Massive Open Online Courses (MOOCs) are gaining legitimacy as a valid avenue for gaining much needed vocational skills. They also happen to be gaining traction at a time when much of the country is cowering under crippling student debt and a discrepancy between the amount of money a student invests in her education and the amount of money she’s likely to make in her field of choice after graduating.
While MOOCs are attracting more attention as a valid supplement—if not a possible alternative—to the failings of traditional higher ed, some problems remain, like the obvious fact that there are usually too many students to get individual feedback from the instructor (who you’re usually advised not to contact). But another problem plaguing the MOOC trend is authenticity. If, for example, you take a signature track course through Coursera to get a certificate that shows you took a course in human physiology or nutrition, how does anyone know you are the one who actually took the exam?
I got a chance to catch up with Verificient, a startup that aims to tackle that very issue. A participant in the latest Kaplan EdTech Accelerator powered by TechStars class, the startup has developed a “humanless” proctored exam platform.
Online education programs have grown by 418% over the last 10 years, and of the 23 million students in higher education today, 6.7 million have taken an online course.
Currently, the options for “proctored” online exams are lacking. One option is to call into a call center that then controls and/or monitors your desktop. Another option is a system that records you on video as you take the test, and then sends the video off to be analyzed to make sure you weren’t cheating (creepy). Coursera’s Signature Track uses keyboard analysis to verify the user’s identity, but that can easily be gamed.
Verificient has come up with technology that monitors test-takers without being creepy, but without being easily gamed either. When a student logs into the system, she fills out a profile and shows her photo ID to the camera. The system then does a full facial scan as well as a knuckle scan to verify her identity (the knuckle scan is performed by simply holding her hand up to the camera, and the scan gets logged away so that in the future, the system will be able to identify her for future exams).
When the student starts the exam, the system starts recording her and monitoring her desktop. And instead of having some creeper on the other end of the camera staring at her while she takes the test (which also sounds like a lot of money you’d have to pay to have someone sit and stare at a screen), the system’s algorithms flag suspicious activity and violations.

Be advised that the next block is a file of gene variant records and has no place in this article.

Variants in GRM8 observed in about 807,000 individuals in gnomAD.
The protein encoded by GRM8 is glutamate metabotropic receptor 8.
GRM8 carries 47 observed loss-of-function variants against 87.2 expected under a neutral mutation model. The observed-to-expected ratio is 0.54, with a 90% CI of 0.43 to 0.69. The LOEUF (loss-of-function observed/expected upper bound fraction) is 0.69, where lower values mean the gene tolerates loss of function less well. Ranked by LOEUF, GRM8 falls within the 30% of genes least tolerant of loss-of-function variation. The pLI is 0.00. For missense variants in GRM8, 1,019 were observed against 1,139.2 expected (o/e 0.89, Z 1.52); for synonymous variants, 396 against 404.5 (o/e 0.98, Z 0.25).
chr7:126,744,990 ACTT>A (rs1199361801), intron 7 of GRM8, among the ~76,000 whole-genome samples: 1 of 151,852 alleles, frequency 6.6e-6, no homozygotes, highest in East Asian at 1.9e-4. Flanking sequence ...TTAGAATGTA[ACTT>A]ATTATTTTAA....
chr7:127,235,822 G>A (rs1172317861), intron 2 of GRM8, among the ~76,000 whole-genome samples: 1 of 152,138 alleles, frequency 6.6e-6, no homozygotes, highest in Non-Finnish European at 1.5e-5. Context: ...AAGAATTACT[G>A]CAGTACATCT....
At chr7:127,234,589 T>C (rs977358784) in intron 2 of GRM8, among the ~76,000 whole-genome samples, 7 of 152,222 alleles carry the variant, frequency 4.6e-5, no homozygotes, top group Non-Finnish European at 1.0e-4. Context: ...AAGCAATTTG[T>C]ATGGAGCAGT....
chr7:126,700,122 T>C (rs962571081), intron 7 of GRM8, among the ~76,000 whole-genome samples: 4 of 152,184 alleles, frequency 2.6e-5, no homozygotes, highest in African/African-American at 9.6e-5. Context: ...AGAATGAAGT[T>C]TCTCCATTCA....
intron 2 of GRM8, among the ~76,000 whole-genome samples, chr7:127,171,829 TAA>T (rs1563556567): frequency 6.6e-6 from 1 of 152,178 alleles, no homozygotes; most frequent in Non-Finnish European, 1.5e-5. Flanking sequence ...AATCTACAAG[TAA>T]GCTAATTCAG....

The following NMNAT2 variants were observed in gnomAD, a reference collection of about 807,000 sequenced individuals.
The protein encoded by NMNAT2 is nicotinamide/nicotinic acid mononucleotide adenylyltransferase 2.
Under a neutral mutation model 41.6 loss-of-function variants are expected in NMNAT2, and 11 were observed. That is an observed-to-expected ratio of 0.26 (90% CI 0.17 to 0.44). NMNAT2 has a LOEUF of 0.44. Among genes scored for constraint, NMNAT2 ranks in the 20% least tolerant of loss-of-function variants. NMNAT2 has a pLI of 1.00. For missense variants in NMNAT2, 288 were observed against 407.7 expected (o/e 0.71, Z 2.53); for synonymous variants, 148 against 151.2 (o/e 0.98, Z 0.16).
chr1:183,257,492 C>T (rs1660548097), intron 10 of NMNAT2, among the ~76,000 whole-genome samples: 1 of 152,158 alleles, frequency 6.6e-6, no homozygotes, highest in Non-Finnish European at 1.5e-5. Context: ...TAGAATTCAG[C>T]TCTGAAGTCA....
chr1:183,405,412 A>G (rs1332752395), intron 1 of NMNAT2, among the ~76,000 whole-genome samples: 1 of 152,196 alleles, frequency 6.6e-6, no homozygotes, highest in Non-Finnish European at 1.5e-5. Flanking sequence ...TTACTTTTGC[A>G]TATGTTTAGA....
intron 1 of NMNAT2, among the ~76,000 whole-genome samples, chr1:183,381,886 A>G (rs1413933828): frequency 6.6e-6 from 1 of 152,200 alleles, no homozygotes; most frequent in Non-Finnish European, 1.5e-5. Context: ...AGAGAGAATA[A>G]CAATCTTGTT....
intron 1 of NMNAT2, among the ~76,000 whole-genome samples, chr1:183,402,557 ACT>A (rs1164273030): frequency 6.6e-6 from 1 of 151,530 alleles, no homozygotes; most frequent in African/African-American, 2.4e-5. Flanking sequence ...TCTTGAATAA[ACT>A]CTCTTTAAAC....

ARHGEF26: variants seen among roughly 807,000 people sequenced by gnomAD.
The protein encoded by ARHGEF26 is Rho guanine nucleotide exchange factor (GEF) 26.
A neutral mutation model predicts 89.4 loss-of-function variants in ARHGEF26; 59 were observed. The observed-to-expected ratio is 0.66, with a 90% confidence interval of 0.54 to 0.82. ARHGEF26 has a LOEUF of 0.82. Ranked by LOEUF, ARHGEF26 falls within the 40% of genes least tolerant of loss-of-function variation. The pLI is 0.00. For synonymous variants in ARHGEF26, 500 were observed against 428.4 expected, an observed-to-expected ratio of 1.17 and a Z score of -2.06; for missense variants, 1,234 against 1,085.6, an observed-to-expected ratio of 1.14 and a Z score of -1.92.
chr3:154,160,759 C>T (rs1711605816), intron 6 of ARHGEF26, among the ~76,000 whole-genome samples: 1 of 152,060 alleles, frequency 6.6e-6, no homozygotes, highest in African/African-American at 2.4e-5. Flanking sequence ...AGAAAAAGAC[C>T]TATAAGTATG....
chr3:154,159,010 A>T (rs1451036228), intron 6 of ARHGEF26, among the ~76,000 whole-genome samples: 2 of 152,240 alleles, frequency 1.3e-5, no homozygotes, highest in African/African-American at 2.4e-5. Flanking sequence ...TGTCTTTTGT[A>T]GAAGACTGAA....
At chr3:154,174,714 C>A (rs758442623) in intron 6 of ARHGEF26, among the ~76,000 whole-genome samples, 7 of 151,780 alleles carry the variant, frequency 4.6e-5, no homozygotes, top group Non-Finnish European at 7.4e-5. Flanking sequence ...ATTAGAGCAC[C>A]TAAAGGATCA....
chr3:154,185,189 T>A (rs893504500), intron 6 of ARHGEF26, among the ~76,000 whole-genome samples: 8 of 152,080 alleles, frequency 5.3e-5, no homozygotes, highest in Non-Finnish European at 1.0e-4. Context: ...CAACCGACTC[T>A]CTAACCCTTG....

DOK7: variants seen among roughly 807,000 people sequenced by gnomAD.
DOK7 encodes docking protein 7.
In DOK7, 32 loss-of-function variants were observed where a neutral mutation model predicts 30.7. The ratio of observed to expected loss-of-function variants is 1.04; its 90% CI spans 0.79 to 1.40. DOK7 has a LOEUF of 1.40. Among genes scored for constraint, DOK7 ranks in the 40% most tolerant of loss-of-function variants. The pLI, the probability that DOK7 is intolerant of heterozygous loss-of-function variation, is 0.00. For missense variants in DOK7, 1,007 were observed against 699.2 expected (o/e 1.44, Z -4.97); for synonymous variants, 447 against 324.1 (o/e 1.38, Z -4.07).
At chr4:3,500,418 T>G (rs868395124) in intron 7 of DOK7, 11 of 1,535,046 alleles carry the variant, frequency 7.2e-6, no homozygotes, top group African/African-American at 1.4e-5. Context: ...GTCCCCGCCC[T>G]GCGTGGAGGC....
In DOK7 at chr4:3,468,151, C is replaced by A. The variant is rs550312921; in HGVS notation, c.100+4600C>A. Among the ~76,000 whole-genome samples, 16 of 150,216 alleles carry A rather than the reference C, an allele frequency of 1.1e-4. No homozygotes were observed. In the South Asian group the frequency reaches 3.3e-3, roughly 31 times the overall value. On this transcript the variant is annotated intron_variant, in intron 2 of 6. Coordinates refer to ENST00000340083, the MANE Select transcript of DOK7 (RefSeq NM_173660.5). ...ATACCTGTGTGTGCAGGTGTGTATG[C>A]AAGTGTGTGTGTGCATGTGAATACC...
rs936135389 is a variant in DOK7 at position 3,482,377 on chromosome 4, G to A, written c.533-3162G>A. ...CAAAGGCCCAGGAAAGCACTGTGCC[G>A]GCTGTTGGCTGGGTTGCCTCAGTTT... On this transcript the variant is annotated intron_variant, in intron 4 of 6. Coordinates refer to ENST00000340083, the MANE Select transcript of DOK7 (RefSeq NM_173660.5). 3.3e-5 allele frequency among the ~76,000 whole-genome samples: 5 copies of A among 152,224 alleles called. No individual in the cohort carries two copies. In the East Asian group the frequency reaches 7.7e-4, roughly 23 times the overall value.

For example, if the student gets up and leaves during the test, the system flags that as a violation. In order to proceed with the exam, the student must acknowledge the violation and give an explanation. If the desktop monitoring finds that the student has pulled up an unapproved browser, that’s also flagged as a violation.
Then there are “suspicious” activities that aren’t necessarily violations, but could be indicative of cheating, like an abnormal amount of movement or sound, and even “facial suspicion.” Founders Tim Dutta and Rajnish Kumar explained that the platform’s specially designed scoring algorithms are designed to make sure that the face on the screen continually relates to the face in the profile pic. If it doesn't, it's considered suspicious (which could be a student making a pensive facial expression or getting a sibling look-alike to sit in for them). Additionally, facial suspicion could mean that the student is looking off to the left a lot instead of straight ahead at the screen.
When the test is over, the instructor can then see violations marked in red and suspicious activity marked in yellow. By clicking on it, the system will immediately take the instructor to the recording of the incident (such as the student getting up and leaving, or Googling the answers to the test).
“One of the things preventing Coursera and others from monetizing is that universities like Duke don’t have the confidence that the person getting the certificate is the person that took the exam,” said Dutta.
CEO Tim Dutta came to the company from management consulting and previous startups, while CTO Rajnish Kumar got his Ph.D. from Georgia Tech, where he worked on a computer visioning and video analytics project with the TSA that was designed to identify unconsctrained anomolies in video impressions.
With two weeks left to go until Demo Day, Verificient is already accruing an impressive user base. Dutta and Kumar are in discussions with three dozen schools, some of whom are in the process of testing out pilots. Verificient has already launched one pilot in a nursing program. And of all the startups in the Kaplan EdTech Accelerator class, Verificient is the only one to have been integrated into Kaplan’s platform.
Kaplan’s vote of confidence says a lot. As MOOCs attract followers looking for an alternative to high-cost college programs, could Verificient help drive them to mainstream acceptance? The startup is still in its early days, but the future looks bright.